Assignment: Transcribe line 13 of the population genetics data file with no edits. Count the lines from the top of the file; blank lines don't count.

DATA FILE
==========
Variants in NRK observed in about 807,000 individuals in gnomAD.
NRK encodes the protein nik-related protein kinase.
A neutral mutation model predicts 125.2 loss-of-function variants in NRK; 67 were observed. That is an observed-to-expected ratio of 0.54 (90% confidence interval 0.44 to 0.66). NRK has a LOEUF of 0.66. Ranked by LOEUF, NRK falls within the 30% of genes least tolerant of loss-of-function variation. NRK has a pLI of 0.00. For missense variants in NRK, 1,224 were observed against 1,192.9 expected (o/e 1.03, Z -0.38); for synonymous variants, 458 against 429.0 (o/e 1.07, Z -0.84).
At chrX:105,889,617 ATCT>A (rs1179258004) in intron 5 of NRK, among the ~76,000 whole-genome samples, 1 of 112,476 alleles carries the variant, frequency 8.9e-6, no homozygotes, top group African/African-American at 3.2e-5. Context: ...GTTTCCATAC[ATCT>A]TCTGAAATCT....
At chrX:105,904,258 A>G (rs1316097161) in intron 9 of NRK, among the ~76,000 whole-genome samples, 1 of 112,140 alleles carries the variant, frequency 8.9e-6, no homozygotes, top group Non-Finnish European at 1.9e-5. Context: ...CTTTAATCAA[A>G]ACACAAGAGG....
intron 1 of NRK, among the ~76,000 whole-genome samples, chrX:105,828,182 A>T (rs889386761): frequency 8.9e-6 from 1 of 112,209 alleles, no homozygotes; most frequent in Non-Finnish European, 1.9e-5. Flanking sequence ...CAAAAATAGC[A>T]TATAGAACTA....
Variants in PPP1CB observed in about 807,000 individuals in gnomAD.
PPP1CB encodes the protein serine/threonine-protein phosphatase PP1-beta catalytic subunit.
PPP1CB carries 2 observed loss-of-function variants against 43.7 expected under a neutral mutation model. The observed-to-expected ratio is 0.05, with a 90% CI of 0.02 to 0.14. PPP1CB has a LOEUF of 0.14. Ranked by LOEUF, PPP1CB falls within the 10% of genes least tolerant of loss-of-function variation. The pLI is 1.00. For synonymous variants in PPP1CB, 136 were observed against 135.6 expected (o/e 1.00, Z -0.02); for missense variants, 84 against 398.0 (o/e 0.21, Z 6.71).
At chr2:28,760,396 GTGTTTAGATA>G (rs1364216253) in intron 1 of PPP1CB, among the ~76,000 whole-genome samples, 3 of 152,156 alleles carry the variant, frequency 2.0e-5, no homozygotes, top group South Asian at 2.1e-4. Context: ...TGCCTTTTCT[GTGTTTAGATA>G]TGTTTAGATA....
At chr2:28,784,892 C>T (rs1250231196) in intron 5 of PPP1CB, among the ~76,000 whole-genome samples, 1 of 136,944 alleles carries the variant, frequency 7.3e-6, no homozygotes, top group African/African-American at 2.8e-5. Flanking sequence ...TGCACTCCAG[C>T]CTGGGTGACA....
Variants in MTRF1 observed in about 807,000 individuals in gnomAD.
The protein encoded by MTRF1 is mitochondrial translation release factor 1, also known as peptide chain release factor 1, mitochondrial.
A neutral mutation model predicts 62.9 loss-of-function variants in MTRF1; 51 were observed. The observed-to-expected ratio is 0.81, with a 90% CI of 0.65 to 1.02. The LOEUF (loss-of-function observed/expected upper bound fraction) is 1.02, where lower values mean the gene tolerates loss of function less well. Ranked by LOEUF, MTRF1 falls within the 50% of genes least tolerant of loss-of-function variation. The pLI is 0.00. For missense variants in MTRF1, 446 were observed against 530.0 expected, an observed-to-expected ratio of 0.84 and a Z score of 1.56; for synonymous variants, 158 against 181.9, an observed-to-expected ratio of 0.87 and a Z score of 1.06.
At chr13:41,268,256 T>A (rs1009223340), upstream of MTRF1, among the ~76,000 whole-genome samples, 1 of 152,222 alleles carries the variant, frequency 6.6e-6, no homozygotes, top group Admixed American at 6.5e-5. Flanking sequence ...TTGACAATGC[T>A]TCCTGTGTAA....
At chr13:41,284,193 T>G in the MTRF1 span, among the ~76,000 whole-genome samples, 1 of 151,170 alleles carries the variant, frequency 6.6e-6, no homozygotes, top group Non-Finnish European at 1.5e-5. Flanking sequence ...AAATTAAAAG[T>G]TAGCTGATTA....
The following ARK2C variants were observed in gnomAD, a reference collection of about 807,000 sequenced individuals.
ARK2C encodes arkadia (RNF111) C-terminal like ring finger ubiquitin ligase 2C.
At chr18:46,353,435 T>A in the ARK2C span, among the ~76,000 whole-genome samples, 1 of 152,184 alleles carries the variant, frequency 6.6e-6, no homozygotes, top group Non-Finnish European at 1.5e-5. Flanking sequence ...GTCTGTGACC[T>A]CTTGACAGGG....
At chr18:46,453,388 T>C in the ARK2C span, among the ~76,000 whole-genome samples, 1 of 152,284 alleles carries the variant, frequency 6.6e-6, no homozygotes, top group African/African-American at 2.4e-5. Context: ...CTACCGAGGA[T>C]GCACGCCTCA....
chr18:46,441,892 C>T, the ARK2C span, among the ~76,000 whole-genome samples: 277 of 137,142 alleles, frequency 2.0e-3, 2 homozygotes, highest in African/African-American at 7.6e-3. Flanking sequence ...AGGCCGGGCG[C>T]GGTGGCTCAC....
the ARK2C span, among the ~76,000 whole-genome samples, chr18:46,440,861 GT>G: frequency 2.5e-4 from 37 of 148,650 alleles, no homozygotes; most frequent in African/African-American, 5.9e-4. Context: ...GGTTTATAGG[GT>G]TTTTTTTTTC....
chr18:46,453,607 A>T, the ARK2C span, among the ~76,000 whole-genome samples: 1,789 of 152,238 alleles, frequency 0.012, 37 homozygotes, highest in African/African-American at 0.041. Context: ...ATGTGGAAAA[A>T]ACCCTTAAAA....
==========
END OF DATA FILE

The protein encoded by MTRF1 is mitochondrial translation release factor 1, also known as peptide chain release factor 1, mitochondrial.